Polaroid J66 to colour negative 70mm film modifications.
I was gifted a Polaroid J66 in excellent shape, in a leather case that looks like it never left the closet. It looks as new as if this was 1962 and it too was new, complete with the original manual. It came with an empty type 47 film box, so it apparently has seen at least one film.
There ended up being about a million of these things sold, at $90, which was some money in the day. The guy who gave it to me bought it at a nursing home garage sale in 1982 because it looked neat, but has never used it.
This was Polaroids first auto camera, and proclaimed to use 3000 asa b&w film. This film's production ceased in 1992 or so.
The shutter and selenium cell that sets it speed seem to be working properly, as does the aperture control. Web research turned up the tested speed range of the shutter, and the aperture of the lens. The speeds appear to range between 1/10 and 1/400
Using the direct flash recommended aperture settings from the OEM manual, and data on the guide number of AG-1 flash bulbs, I was able to confirm that the 114mm lens is about f/19 at it's 'normal' aperture, perhaps f/ 13 at its lighten setting, and around f/26 at it's darken setting.
Using Parker's 'The ultimate exposure guide' I was able to work out the EV's that this camera appears to respond to. It looks like it should work just fine in the outdoors without flash using about 200 speed film.
I have a 100' roll of 70mm Portra 160NC film in the freezer mostly still full left over from another mad experiment that would be a good candidate. It will yield a 70mm x100mm sized negative, and so I think I can make about 15 rolls of 5' of film for this camera under modification, that could yield about 200 images before this film is all gone. After that perhaps an ultra panoramic 35mm modification may be a possibility.
I worked out that I could load the camera with up to a 5' roll of this 70mm film at one time, and still be able to process it on a Paterson plastic roll.
A single tank Paterson central tube was shimmed with self amalgamating rubber electrical tape (Home Depot electrical tape area) to hold the larger central diameter half of the split tanks spiral roll onto the tube while it was not engaged with the smaller central diameter half, which normally snuggly grasps the central tube. The smaller central portion half of the spiral rides up against the other half, and while doing so, perfectly accommodates a 70mm film width.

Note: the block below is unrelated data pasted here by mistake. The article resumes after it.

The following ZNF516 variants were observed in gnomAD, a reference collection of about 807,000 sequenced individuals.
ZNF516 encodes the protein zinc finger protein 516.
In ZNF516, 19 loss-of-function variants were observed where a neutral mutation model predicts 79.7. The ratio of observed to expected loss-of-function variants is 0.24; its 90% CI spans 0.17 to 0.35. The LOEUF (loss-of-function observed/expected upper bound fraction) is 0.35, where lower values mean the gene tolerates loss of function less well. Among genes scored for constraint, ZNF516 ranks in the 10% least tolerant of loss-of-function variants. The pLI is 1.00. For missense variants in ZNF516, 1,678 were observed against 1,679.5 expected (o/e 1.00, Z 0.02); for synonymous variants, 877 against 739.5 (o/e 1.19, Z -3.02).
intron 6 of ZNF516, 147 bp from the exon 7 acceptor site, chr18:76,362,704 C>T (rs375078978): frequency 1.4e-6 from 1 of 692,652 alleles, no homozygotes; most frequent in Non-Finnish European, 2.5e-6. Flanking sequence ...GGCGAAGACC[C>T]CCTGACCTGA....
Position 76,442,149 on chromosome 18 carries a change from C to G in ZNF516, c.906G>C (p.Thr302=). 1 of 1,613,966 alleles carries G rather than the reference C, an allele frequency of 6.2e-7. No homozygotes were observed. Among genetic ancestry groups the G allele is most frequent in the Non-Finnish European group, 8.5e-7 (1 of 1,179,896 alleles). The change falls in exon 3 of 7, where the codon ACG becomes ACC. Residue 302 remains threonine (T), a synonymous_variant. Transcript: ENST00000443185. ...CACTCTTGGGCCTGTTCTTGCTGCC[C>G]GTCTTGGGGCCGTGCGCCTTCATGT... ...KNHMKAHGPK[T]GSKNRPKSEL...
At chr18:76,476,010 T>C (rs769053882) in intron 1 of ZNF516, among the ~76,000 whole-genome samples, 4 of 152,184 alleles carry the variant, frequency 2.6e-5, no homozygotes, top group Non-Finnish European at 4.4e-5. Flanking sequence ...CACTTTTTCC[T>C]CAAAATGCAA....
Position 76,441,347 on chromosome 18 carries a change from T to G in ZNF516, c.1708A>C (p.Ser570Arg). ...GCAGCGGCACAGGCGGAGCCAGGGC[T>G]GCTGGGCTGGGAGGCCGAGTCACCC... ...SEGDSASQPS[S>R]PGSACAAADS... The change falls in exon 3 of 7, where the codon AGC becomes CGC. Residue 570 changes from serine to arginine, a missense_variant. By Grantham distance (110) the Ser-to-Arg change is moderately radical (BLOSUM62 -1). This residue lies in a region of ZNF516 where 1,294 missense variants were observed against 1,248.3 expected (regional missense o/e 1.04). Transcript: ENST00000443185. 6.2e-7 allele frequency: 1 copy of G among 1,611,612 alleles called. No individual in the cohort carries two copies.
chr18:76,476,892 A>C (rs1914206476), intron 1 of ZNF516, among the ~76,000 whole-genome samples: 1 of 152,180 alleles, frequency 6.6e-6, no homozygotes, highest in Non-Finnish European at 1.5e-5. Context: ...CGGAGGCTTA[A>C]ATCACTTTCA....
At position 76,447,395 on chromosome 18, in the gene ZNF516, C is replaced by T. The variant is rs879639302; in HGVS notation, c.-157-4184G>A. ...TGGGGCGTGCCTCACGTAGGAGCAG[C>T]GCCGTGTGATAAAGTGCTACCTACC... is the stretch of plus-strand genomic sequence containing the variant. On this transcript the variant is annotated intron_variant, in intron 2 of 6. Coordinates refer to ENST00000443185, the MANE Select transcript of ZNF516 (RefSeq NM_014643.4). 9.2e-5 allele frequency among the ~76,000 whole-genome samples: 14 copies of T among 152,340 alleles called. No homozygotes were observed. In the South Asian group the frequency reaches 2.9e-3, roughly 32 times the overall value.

To fit the 70mm film into the camera I put the supply roll in the chamber where the receiver paper roll once sat. The edge of the bakelite form was lightly filed to create a gate to guide the 70mm film across the pressure plate and head towards the take up side, which is where the negative roll originally sat. There will be no backing paper so far, so this will be a load and unload in darkroom type of camera.
At the negative spool side a 70mm spool was fashioned from sawing the plastic central spool of a 35mm cassette in half, and carving some 3/8 hardwood dowel to form a 35mm middle section extender part to yield a 70mm long spool. At the bottom end of the 35mm portion a short stub of dowel was formed to hold the assembly in the original negative spool support.
At the top end of the spool, the center portion of the existing spool support was drilled though with a 1/4"drill bit to the top of the camera to allow a film winding mechanism to get to the outside of the camera.
A carriage bolt was passed though this hole from the outside, and fitted to allow the correct alignment of the take up spool to the supply roll by shimming it with washers and double nuts. The bolt end was carefully notched using with a hack saw and small files to cut a slot that engages a cross tab in the middle of the inside of the top of the 35mm spool.
The carriage bolt underside lightly engages with plastic camera top that sits over the cast aluminum body. This provides the required friction to aid in the bolt not rotating on its own.
One side of the square portion of the bolt underside has been sharpie marker painted red to aid in counting the turns to advance the film. Testing was carried out with the film back opened. Using spoiled 120 format film that I keep around to teach other how to loading processing rolls, I was able to determine the needed number of turns per exposure. The first 6 frames need 3 turns of the bolt between exposures, and the last 8 only need 2.5 turns since the diameter of the take up roll has increased by the film wound on it.
I will try to post images once I get a film though this beast and have it processed.
my real name, imagine that.
You're awesome Mike.
Looking forward to some results!
If you are the big tree, we are the small axe